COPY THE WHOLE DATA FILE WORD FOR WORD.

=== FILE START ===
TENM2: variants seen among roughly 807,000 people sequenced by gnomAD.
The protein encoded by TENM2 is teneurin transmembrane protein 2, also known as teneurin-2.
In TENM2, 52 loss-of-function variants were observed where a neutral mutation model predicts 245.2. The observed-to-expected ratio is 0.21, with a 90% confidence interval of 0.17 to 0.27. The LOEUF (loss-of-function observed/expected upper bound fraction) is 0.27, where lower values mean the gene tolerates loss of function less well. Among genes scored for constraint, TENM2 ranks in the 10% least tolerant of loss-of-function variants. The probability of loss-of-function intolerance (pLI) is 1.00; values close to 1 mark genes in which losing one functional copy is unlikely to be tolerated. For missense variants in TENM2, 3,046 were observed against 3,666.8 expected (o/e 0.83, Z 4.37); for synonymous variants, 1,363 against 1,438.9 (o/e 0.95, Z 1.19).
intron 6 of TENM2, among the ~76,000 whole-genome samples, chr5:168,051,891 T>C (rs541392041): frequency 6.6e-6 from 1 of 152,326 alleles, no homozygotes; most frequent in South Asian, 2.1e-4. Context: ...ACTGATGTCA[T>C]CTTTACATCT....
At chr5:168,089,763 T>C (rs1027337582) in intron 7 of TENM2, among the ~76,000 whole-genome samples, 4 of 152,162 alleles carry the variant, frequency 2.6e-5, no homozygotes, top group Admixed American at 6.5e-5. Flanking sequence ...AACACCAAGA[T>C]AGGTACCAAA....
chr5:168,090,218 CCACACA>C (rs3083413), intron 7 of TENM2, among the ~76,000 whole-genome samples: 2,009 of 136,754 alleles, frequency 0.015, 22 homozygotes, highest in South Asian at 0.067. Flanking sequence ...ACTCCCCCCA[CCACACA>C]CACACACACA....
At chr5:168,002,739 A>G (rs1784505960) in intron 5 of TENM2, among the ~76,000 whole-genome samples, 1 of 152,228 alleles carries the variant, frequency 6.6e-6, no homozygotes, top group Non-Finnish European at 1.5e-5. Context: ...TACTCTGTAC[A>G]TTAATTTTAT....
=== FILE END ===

TENM2: variants seen among roughly 807,000 people sequenced by gnomAD.
The protein encoded by TENM2 is teneurin transmembrane protein 2, also known as teneurin-2.
In TENM2, 52 loss-of-function variants were observed where a neutral mutation model predicts 245.2. The observed-to-expected ratio is 0.21, with a 90% confidence interval of 0.17 to 0.27. The LOEUF (loss-of-function observed/expected upper bound fraction) is 0.27, where lower values mean the gene tolerates loss of function less well. Among genes scored for constraint, TENM2 ranks in the 10% least tolerant of loss-of-function variants. The probability of loss-of-function intolerance (pLI) is 1.00; values close to 1 mark genes in which losing one functional copy is unlikely to be tolerated. For missense variants in TENM2, 3,046 were observed against 3,666.8 expected (o/e 0.83, Z 4.37); for synonymous variants, 1,363 against 1,438.9 (o/e 0.95, Z 1.19).
intron 6 of TENM2, among the ~76,000 whole-genome samples, chr5:168,051,891 T>C (rs541392041): frequency 6.6e-6 from 1 of 152,326 alleles, no homozygotes; most frequent in South Asian, 2.1e-4. Context: ...ACTGATGTCA[T>C]CTTTACATCT....
At chr5:168,089,763 T>C (rs1027337582) in intron 7 of TENM2, among the ~76,000 whole-genome samples, 4 of 152,162 alleles carry the variant, frequency 2.6e-5, no homozygotes, top group Admixed American at 6.5e-5. Flanking sequence ...AACACCAAGA[T>C]AGGTACCAAA....
chr5:168,090,218 CCACACA>C (rs3083413), intron 7 of TENM2, among the ~76,000 whole-genome samples: 2,009 of 136,754 alleles, frequency 0.015, 22 homozygotes, highest in South Asian at 0.067. Flanking sequence ...ACTCCCCCCA[CCACACA>C]CACACACACA....
At chr5:168,002,739 A>G (rs1784505960) in intron 5 of TENM2, among the ~76,000 whole-genome samples, 1 of 152,228 alleles carries the variant, frequency 6.6e-6, no homozygotes, top group Non-Finnish European at 1.5e-5. Context: ...TACTCTGTAC[A>G]TTAATTTTAT....